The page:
No, Jared O’Mara wasn’t disciplined for being working class

 We shouldn’t allow low expectations for anyone, whatever challenges they face. 

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First, Jared O'Mara, the MP for Sheffield Hallam, was suspended for a series of offensive comments he made in his twenties, in particular about women. Eight months later, the suspension was lifted. And a week after that, he quit the party claiming it had treated him like a criminal

No part of the saga is satisfactory for anyone involved. The Labour Party and O’Mara have both shown themselves to be lacking in understanding of what his offence means. Both in relation to those he insulted then, and why it matters to those of us in the party who remain determined to wipe the scourge of misogyny from the party and wider society.

O’Mara does have some legitimate complaints and has clearly had a dreadful time. I wouldn’t wish his emotional distress on anyone. The lack of support he received is a stain on the party and its processes.

Nobody – not someone who has been accused of an offence or someone who has made an accusation – should have to wait as long as he did for a resolution of their case. That is unfair on all concerned. In the case of someone suffering already from clinical depression and anxiety, any disciplinary process should seek to minimise, not exaggerate, existing pressure. Labour – a party formed from the expertise of those fighting for workplace rights – should know better how good procedures make a real difference to everyone involved, whatever the outcome is found to be.

However, in his resignation letter, it is not the process that O’Mara chooses to focus on, but that he should have been disciplined (or “made to feel like a criminal” as he puts it) at all. First of all, he minimises his offence, calling it “distasteful”, “clumsy” and an “attempt at satire and sarcasm”. This only goes to reveal how little he has learned. If he had kept the Labour whip, part of the ask of him from the party was mandatory training. That might have shown him not just how offensive his remarks were in the first place, but how attempts to then minimise them are doubly wounding.

The quite light-touch discipline that the party attempt to enforce was in no way analogous to being treated like a criminal. Mandatory training is not the same as hard labour. Indeed, other MPs who have gone through disciplinary processes have welcomed the chance to reflect and truly learn and grow from it. Take Naz Shah for example, who has spoken eloquently about her own journey of learning after being suspended for anti-Semitic comments.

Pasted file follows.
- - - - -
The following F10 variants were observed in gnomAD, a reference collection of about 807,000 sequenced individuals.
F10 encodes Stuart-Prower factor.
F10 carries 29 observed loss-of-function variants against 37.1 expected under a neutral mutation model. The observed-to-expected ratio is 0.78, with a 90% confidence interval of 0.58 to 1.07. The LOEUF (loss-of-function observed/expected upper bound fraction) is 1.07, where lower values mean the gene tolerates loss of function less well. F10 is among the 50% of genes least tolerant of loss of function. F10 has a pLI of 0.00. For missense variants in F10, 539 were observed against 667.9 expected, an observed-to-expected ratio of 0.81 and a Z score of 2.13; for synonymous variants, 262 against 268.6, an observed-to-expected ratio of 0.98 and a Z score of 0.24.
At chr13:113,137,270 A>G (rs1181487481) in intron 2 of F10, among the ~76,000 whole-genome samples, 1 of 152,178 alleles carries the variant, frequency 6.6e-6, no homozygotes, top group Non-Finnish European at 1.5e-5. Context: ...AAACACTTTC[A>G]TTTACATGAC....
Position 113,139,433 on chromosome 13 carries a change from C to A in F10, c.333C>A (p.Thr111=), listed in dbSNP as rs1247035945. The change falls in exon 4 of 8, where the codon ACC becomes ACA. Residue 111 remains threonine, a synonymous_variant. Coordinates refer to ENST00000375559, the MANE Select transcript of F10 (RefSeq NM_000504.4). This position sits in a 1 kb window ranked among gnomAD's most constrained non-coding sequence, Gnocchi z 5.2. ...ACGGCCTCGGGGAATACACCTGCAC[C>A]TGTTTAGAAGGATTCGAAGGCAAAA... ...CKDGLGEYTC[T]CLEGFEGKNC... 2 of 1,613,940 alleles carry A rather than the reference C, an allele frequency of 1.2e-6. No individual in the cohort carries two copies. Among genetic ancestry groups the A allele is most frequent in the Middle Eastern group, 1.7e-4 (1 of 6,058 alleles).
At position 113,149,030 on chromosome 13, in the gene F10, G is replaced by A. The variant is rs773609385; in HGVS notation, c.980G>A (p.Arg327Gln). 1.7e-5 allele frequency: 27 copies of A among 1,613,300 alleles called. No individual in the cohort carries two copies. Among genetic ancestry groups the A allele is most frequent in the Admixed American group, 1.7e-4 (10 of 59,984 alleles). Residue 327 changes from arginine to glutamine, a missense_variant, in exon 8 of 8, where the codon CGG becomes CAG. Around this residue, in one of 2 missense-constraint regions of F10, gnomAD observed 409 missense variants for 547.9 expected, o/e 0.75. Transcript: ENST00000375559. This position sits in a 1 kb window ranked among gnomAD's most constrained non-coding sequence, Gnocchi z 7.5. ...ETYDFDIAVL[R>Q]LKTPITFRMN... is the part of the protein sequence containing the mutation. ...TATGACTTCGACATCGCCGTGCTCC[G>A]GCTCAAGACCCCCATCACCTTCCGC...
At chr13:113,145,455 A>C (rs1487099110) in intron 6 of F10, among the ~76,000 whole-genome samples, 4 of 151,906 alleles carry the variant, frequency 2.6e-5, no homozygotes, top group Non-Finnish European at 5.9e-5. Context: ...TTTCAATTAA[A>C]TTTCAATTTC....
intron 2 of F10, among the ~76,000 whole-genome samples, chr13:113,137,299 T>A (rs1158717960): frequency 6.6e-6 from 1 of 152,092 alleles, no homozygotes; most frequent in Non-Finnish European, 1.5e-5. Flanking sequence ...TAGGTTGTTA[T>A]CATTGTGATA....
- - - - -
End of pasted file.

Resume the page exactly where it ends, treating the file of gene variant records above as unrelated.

Most concerningly, O’Mara seems to paint the condemnation he has received as an attack not on his personal behaviour, but on his as a “working class, underprivileged, disabled man”. This is an incredibly dangerous route to take.

None of the prejudices that O’Mara previously exposed are working class characteristics. Nobody with a disability gets a pass for sexism, any more than I as a woman would (or would want) a pass for being ableist. Solidarity only means something when it is solidarity for everyone. We shouldn’t allow low expectations for anyone, whatever class they come from and whatever challenges they face. We certainly shouldn’t allow it in those privileged enough to be elected to represent us.

O’Mara was reinstated to a job he was probably unsuited for. It is fair to say that Labour was not expecting to win Sheffield Hallam in 2017, and there was arguably not enough oversight put into his selection in the first place. Had there have been, Labour would have already known about his online history.

He was given a second chance. A chance to continue as a Labour MP, receive training and learn and grow through that into a person with a deeper understanding of equalities and the need to challenge the kind of language he once revelled in.

That he has squandered that chance and turned his back on an opportunity to develop as a man is probably the saddest part of this sorry tale. For his sake, I hope he is offered another chance in the future.

As Labour closes the book on yet another unsatisfactory disciplinary process, I hope it too can seize the chance to fix a clearly broken system. This is as important for the sake of those accused like O’Mara as much as it is for those making accusations. O’Mara let people down with his original offence and has done so again compounding it now. But he too has been let down by a system that is currently working for no one.